You don’t have to be a Vulcan to grok the good stuff that can come out of an international mind-meld as big as Global Entrepreneurship Week. Matthew da Silva sits down with the organisers and profiles some inspiring young entrepreneurial attendees.
Nahji Chu sees her Vietnamese catering business as a good model for enterprising Asians.
“It’s like: ‘Yeah, look what this lady’s done, what she’s made of her life. How she’s gone back to the basics. She’s doing what she does anyway and what we would’ve done in Laos or in Vietnam. She’s not afraid to do that.’
“That’s why I can do that, because I’ve become so Western. I’m confident in my Westernness. I’m going to get so Asian now!”
We’re sitting outside Nahji’s tuck shop in busy East Sydney with Matt Jones, an ex-artillery officer and MBA who owns Social Alchemy, which will again host Global Entrepreneurship Week (GEW) in Sydney.
According to Jones, an idea is only the kernel. Inventing a better mousetrap does not, by itself, equate to entrepreneurship.
“The small business will have its business objectives in mind and will get those working,” he says. “And it might use entrepreneurial devices in order to achieve that. But that will get to a certain steady state. Whereas an entrepreneur will say, ‘How is the best way we can leverage resources beyond our control at this present time.’ And that’s the real key. It’s making something work with resources that aren’t presently in your control.”
“Entrepreneurship is the art and science of the startup,” adds Jonathan Ortmans, president of GEW.
The proportion of 15 to 19-year-old Australians not in employment, education or training (‘Neets’) has risen from 21.6 to 24.2 percent since 2003. Neets are prevalent in all developed economies, but engaging youth is not just a government problem.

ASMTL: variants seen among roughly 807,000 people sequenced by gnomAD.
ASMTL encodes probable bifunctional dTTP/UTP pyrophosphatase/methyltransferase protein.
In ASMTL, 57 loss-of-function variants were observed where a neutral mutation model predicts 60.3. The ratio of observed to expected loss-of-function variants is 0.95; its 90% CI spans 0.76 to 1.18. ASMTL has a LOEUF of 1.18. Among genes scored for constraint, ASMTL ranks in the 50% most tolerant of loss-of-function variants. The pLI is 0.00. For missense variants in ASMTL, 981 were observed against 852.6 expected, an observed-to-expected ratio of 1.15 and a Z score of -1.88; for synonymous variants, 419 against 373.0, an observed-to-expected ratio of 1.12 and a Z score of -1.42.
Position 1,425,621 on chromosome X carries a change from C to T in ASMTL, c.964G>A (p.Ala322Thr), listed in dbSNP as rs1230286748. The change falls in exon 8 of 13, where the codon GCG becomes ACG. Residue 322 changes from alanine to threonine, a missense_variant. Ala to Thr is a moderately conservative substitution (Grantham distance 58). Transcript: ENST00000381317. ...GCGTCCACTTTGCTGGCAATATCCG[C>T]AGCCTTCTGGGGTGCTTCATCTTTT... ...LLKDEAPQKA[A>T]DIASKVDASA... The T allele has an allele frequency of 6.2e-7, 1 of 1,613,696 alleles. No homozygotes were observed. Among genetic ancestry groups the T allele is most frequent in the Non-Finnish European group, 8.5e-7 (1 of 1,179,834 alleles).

“People in most countries stand up and say, ‘We think small business is important,'” says Ortmans, remembering when, as Britain’s Chancellor of the Exchequer, Prime Minister Gordon Brown kicked it off. “But he went a step further. He said, ‘We have to foster a culture of enterprise here.'”
Research done by the Kauffman Foundation has found a connection between economic growth and high-growth entrepreneurs.
“It’s these entrepreneurs, ultimately, that have grown our economies over the last 30 years,” says Ortmans.
GEW lights a spark under the youth employment star ship through mentoring — allowing young people to talk with savvy businesspeople — and competitions. From humble beginnings, it now resembles Star Trek’s United Federation of Planets. Last year, more than three million people took part in over 25,000 events in 78 countries.
“It’s about individuals knowing they can have an impact on the world,” Ortmans says. “It’s about their human dignity.”
‘Partners’ attend GEW events and help to develop young people’s ideas. Some partners are guided by their organisational mission, which can include helping people in their communities to realise their potential. But there are other benefits, too.
“It’s an excellent opportunity for a partner to look at their product or process innovation, look at new markets and get some feedback on products,” says Jones. “It generates brand awareness around what their actual story was and how that relates to other people.